As you know by now, Nico Hoerner suffered a hamstring injury in Tuesday’s game in Pittsburgh. Infielder Sergio Alcántara was pulled from Iowa’s game, apparently not for any injury reason, so he’s likely headed to Pittsburgh to replace Hoerner on the active roster. There is also this report, though:
Sergio Alcantara was removed from last night's game but I'm being told Rafael Ortega is actually the one being summoned by Chicago. Not sure if it's a taxi squad move or to fill the void for Nico Hoerner. But Ortega is now the guy.— Tommy Birch (@TommyBirch) May 26, 2021
Regardless of whether Alcántara or Ortega is the guy to be added to the 26-man, the 40-man roster is now full, so the Cubs will need to make another 40-man move, as they did yesterday to make room for Patrick Wisdom when Matt Duffy went to the IL.
What will that move be?
Three primary options exist. An immediate trade/release is plausible. Neither is likely, especially unless the majority of the pre-trade posturing and bartering have happened. As much as anyone thinks “trade (insert player here)” should happen, it would have happened overnight. Since it didn’t, an immediate trade is unlikely.
The second option is a designation for assignment. A few options on the 26-man roster or the Injured List might be popular DFAs, but no one stands out. When you reach this far, you’re checking on realistic expectations, much as I recommend when a trade happens. Let’s say there’s a one-for-one trade, and two players swap teams with two years before free agency. I’d try to look at it this way: Which player will do better, and which reserves will be given a chance to do better? If one team gets a likely seven wins from the piece they add, and create three more WAR from secondary depth, they look like a clear winner if the other team is getting three wins and one. 10>4. And if I’m wrong, I criticize myself for misreading reality.
Which move is least likely to cause any significant move in the present or future? When I looked at non-injured players on the 40-man but off the 26-man (I still am lacking a term for that premise) I saw seven names. Christopher Morel might be two months from taking the 26-man spot himself. (He’s not ready yet, but tough situations create odd choices.) It won’t be Brailyn Marquez nor Miguel Amaya. Despite a rugged outing/month, I don’t see it being Cory Abbott. Which leaves Tyson Miller, Manny Rodriguez, and Kohl Stewart. Slow the process down, and Rodriguez, a reliever doing fairly well in Double-A, seemed the best dismissal.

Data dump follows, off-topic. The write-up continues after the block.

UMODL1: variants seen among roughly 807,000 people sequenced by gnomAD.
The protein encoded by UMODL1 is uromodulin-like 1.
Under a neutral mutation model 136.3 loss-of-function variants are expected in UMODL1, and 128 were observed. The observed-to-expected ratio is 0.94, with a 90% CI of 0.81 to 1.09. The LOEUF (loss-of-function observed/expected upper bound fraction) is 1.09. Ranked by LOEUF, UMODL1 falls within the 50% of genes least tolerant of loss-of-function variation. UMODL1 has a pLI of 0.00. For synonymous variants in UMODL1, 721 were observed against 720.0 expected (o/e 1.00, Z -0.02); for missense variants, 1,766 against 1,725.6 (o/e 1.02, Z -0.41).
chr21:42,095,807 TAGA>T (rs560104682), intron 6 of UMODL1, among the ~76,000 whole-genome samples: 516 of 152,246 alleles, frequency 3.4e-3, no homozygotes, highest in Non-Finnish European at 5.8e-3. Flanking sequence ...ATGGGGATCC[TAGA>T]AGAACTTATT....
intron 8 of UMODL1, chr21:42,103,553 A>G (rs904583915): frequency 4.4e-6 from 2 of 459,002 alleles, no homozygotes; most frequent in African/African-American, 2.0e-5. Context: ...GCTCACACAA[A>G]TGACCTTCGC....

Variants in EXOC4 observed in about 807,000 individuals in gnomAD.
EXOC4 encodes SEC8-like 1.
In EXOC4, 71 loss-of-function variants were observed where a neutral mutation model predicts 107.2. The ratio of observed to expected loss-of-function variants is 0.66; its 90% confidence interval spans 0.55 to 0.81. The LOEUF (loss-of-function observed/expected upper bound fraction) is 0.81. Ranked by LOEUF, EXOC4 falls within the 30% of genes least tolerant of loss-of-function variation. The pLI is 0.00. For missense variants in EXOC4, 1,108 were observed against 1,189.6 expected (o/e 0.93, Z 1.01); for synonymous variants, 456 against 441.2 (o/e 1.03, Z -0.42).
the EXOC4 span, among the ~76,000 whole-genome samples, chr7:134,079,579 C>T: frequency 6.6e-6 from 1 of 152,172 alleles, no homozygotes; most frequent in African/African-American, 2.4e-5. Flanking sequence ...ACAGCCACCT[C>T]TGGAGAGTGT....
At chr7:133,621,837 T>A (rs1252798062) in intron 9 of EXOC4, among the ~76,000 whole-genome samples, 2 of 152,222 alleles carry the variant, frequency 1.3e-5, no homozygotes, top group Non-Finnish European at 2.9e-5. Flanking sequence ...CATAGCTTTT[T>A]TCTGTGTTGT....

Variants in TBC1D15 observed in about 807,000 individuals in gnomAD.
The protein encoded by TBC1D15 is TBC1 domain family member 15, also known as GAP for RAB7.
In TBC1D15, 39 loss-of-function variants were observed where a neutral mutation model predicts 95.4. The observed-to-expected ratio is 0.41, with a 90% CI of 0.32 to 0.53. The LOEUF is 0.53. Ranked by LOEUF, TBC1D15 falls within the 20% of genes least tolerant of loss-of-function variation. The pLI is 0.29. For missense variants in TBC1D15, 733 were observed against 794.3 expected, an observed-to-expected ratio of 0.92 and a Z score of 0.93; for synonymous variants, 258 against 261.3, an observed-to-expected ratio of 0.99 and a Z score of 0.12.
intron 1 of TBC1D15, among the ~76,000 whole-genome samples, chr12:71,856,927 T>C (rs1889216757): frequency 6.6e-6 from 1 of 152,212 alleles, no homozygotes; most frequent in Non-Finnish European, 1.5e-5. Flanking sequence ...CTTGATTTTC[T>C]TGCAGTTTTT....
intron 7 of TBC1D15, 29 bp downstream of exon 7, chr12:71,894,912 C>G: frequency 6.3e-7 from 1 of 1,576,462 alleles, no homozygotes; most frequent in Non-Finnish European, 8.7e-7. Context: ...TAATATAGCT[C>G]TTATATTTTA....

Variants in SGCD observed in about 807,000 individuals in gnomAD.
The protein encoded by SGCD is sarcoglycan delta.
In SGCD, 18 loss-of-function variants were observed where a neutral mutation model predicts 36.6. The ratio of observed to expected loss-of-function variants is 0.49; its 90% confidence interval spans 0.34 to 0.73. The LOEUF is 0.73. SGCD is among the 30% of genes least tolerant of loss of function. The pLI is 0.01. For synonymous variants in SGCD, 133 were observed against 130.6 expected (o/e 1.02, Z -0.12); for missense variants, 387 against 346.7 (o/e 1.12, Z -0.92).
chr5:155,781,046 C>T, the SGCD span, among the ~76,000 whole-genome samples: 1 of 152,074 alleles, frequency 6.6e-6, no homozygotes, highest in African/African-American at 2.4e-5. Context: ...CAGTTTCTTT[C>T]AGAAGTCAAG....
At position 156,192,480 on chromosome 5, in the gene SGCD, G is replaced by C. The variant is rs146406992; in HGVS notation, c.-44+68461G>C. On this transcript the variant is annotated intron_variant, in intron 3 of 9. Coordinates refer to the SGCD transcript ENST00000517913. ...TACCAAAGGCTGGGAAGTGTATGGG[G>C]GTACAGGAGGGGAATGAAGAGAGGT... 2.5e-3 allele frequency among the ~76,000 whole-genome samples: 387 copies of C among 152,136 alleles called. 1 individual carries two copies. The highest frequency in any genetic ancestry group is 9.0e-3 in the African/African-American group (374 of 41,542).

The more I thought about DFAing Rodriguez, the less I liked the idea. It’s not that he’s a cinch to pitch in MLB. It’s not his upper-90s velocity. It’s that I loathe surrendering value unnecessarily. Rodriguez could figure it out, and would be quite unlikely to clear waivers. He shouldn’t get past the Pirates. Nor would a DFA trade satisfy the goal of a reasonable return. Is there a way the Cubs could make a choice that would have a reasonable expectation for a lower value of loss?
Then I looked at the third option: Booting a player from the 10-day Injured List to the 60-day list. I obviously don’t have complete injury details for any of the current 10-day IL players; I’m guessing along with everyone else. However, it seems an apt time to look at players on the short list to see if any could be booted to the longer list with few long-term snags,
Matt Duffy: Has been huge recently. Should be back within two weeks or so. Bumping him to 60 days would be absurd.
Jason Heyward: He has his detractors, but unless his hand problem is really severe, he should be back relatively soon.
Jake Marisnick: Should be back relatively soon, and was fantastic as a bench lefty-masher until injured.
Shelby Miller: His Iowa ERA is 1.74. He should be back to the MLB roster soon. He’s been great with the I-Cubs, and should be eased back in rather soon.
Alec Mills: It’s easy to remember his more recent struggling appearances, but some of those struggles could have been brought on by his injury. Bumping Mills back would be foolish and wrong, as would releasing him.
Justin Steele: I expect he’ll be out a month. If he was the only option versus designating Rodriguez, that would be tough. 60 days without Steele, or DFA Rodriguez. Run those numbers, and the averages might be close.
Trevor Megill: Okay, so mostly in alphabetical order. He was placed on the list in late April; pushing him back would push him back to late June. Megill sounds reasonably close to a return, and that’s already being reported as a possibility:
RHP Trevor Megill is on the @IowaCubs lineup card. He is expected to start his MLB Rehab at some point soon, possibly as early as today.— Alex Cohen (@voiceofcohen) May 26, 2021
What value do you place on roughly three weeks of Trevor Megill in 2021? Whatever your assessment is, is fine with me as long as you’re honest about your assessment regardless of how it plays out. If you think he’d be worth three-quarters of a win, your thoughts on him have likely spiked up greatly since late March. Over an entire June, if allowed to pitch when healthy? I’d project him at about 0.1 WAR, with a potential variance of plus or minus three-tenths. Because I don’t “like” him, or don’t trust him?
No, because relief pitcher.
The only DFA that makes a lick of sense to me is Rodriguez, but I hate seeing players doing well getting kicked out of the organization. It happened already with James Norwood and Duane Underwood Jr. In this case, delaying Megill’s return seems less critical, especially with Mills and Miller likely back soon. (Those returns would likely send Keegan Thompson back to Iowa, to get in their rotation.) If players get healthy more than they get injured, a few easier decisions may be made later. However, sometimes injuries continue.
Here’s to Alcántara impressing. After a late night check, Arizona Phil at The Cub Reporter agrees with me. Move Megill to the 60-day. He’ll still get his MLB pay.